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Feb 18, 2018

A Different View Of God

A Different View Of God

Passage: Luke 15:11-32

Speaker: Rev. Bruce Van Blair

Series: Sermons

Category: parable, prodigal son, mercy and grace, series re finding the gospel in the parables

Keywords: parable, prodigal son, series re finding the gospel in the parables, mercy and grace

A Different View Of God

February 18, 2018

Luke 15:11-32

A DIFFERENT VIEW OF GOD

         Could there possibly be anything that has not already been said about the parable of the Prodigal Son? Doesn’t matter, because we need from time to time to listen to Jesus’ parables afresh. All of us know that when we are adults – and we are not talking about stories or simple principles or being Pollyanna – it’s a lot tougher in real life where people’s lives are at stake, where we are trying to survive, where there are people we know and love who are getting hurt, and sometimes we ourselves are being betrayed over and over. All of us know that the theories get tough.

         Most of you know and love the parable of the Prodigal Son already. You know it is about God’s forgiveness and love, and you do not need any further backdrop to help you appreciate it. But I have wanted us to search together for the Gospel in the parables specifically, because I, at least, need the Gospel to keep sinking deeper and deeper into my psyche. And I know from years of experience that many of us still have a sort of “surface relationship” with the Gospel and even with this parable. That is, when we need to remember and know the parable of the Prodigal Son the most, we forget. Or it does not feel true for us anymore. Or to get less personal: we live in a world where most everybody knows and loves the parable of the Prodigal Son, but we do not live in a world where it is obvious that everybody knows and trusts the forgiveness and love of God.

         In any case, I need the backdrop whether you do or not. I have lived for many years with churches all around me teaching people about fear, Hell, judgment, and what we have to do to be saved. And many times other Christian leaders have said that I mislead my people by putting too much emphasis on grace and mercy and not nearly enough emphasis on the judgment and anger of God. In short, they say I do not warn people enough about the wrath they are heading into unless they get more in line with the rules and creeds and requirements of the Christian Faith.

         Well, maybe they are right. Is that why I have churches full of so many hypocrites – members who pay little or no attention to the disciplines and spiritual principles of the Faith? I am not blind to our flaws or to the learning curves we are each on. But neither is it obvious to me that other congregations are far superior to ours when it comes to living the Life and earnestly trying to follow Jesus. It’s not as easy as some suppose.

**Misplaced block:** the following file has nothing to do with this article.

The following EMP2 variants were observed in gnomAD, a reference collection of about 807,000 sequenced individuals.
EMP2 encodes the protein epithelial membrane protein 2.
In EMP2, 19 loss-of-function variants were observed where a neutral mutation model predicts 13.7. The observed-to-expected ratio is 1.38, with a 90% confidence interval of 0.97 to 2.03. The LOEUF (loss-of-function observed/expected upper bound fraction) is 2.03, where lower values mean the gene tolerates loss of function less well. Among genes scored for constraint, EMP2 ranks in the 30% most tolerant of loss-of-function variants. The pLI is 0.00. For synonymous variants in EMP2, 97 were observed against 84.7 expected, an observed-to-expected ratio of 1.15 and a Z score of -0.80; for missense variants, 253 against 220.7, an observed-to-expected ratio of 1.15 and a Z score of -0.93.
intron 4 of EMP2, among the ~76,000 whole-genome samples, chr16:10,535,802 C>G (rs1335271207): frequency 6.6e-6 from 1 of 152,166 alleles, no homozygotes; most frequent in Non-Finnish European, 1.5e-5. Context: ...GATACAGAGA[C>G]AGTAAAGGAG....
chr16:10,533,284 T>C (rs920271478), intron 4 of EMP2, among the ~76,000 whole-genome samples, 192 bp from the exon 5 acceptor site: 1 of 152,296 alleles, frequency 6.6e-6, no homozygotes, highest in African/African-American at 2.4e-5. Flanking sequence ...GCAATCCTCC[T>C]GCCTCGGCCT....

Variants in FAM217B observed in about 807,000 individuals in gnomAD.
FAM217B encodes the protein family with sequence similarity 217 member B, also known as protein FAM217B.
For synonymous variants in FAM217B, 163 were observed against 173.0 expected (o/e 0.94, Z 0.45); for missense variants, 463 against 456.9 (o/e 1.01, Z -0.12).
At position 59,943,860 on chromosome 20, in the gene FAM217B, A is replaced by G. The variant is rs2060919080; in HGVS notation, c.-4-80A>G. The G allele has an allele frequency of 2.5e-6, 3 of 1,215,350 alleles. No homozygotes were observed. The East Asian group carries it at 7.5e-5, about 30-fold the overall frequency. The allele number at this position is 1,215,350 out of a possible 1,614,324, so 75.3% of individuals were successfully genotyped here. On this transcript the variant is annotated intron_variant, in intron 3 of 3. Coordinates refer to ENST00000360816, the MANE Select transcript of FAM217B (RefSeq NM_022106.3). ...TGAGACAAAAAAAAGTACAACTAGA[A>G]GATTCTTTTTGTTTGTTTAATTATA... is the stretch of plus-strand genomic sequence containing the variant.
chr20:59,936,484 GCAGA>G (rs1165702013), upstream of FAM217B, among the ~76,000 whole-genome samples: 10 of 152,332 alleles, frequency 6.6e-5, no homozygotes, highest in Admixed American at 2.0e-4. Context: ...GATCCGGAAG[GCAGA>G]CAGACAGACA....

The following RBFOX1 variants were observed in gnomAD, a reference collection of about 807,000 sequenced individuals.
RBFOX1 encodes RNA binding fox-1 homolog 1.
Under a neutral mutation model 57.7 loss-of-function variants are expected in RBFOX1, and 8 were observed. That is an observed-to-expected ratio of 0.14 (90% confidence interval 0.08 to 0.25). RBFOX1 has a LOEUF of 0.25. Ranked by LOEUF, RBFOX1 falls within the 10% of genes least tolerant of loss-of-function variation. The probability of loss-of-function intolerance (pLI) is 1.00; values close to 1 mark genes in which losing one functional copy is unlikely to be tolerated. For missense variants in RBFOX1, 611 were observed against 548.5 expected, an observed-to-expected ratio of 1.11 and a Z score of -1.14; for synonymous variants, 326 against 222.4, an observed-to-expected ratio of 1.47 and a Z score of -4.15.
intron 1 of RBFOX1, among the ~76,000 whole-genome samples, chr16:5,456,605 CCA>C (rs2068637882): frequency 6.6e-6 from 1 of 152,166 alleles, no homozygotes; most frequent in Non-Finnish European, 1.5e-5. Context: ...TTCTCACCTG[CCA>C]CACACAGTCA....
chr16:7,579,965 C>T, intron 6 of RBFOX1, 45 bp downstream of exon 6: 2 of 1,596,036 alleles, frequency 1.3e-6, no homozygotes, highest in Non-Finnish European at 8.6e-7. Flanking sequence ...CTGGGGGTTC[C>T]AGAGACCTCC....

But I do sincerely care about misleading people. That has caused me again and again to go tracking why I trust God’s mercy and grace and love more than the other teachings in the New Testament that emphasize judgment and wrath and the anger of God. This is more than mere Bible study, of course. Such things depend a lot on our own experiences with the Holy Spirit. Finding the Gospel in the parables has to be matched with finding the Gospel in our own lives and in our own personal encounters with the Holy Spirit.

         I cannot even talk with most conservative Christians about such things because for them the New Testament is an unbroken and seamless pudding – a puree of homogenized Christian Truth. But I know that all the New Testament writers were not seeing things in the same way or from the same perspective. There were arguments between Christians from day one. Is that comforting or alarming to you? Sometimes the twelve disciples argued among themselves. Paul and Barnabas split up over a dispute about Mark. James, the biological brother of Jesus, became the head of the Christian church in Jerusalem, but he and Paul were often at odds. Both died because of their loyalty and love for Jesus, so sincerity was not the issue.

         But skipping the rest of the rhetoric: Who is the best and clearest champion of the grace and mercy and love and forgiveness of God in the entire New Testament? Well, Jesus of course. But in this instance, that’s not fair because that’s the question. We all claim Jesus as the source of our favorite opinions and beliefs. So next to Jesus, who is the greatest champion of the grace and mercy and love and forgiveness of God in the New Testament? Hands down, it’s Saul of Tarsus – the Apostle Paul. Why? Because on the Damascus Road he encountered the Holy Spirit – the Risen Jesus – and beyond belief or expectation found himself forgiven, accepted, commissioned ... even though he had been persecuting and killing the followers of this same Jesus. That sinks pretty deep when you are the person in that situation. So for the rest of his life, Paul will champion the grace and mercy and love of Jesus against all other claims being made for or about the Christian Faith. The letters to the Galatians and the Romans and indeed all of Paul’s letters ring with this certainty and this truth.

         At one point, Paul will even face down Peter to claim Jesus’ love for Gentiles. And Peter will be man enough to admit that he is wrong and that Paul is right. Imagine that: Peter is the head of the apostles who had walked with Jesus during His mission and ministry on earth. Paul met Jesus as Holy Spirit after the Resurrection; he never knew Jesus in the flesh. But Paul knows the Gospel even more deeply and clearly than Peter does.

         Did that go by too fast? Here is Paul, whose encounter is not with the earthly Jesus but with the Holy Spirit – with the Resurrected Jesus – long after the crucifixion. And he becomes the most powerful Christian spokesman in the New Testament, especially when it comes to GRACE: the forgiveness and mercy of God – the Gospel. But again, Paul never walked with Jesus in the flesh. His view of God is a major shift to the New Covenant perspective. He even understands the Gospel better than the disciples who knew and walked with Jesus in the flesh.

         What does this mean? This means that Christianity is carried by encounter with the Holy Spirit, not by physical encounter with Jesus. Which means YOU can be in the story too. You can be just as clear and certain a believer and follower of Jesus as any of the twelve apostles, and more so. More so because you can know and encounter the Holy Spirit of this same Jesus, and more so because you have the perspective of all that has happened since, which of course they did not have. Does that sink in? There went all of the rest of our excuses. We are called into Life with Christ Jesus at least as much as any other person who has ever lived on this earth, and as much today as at any other time in human history.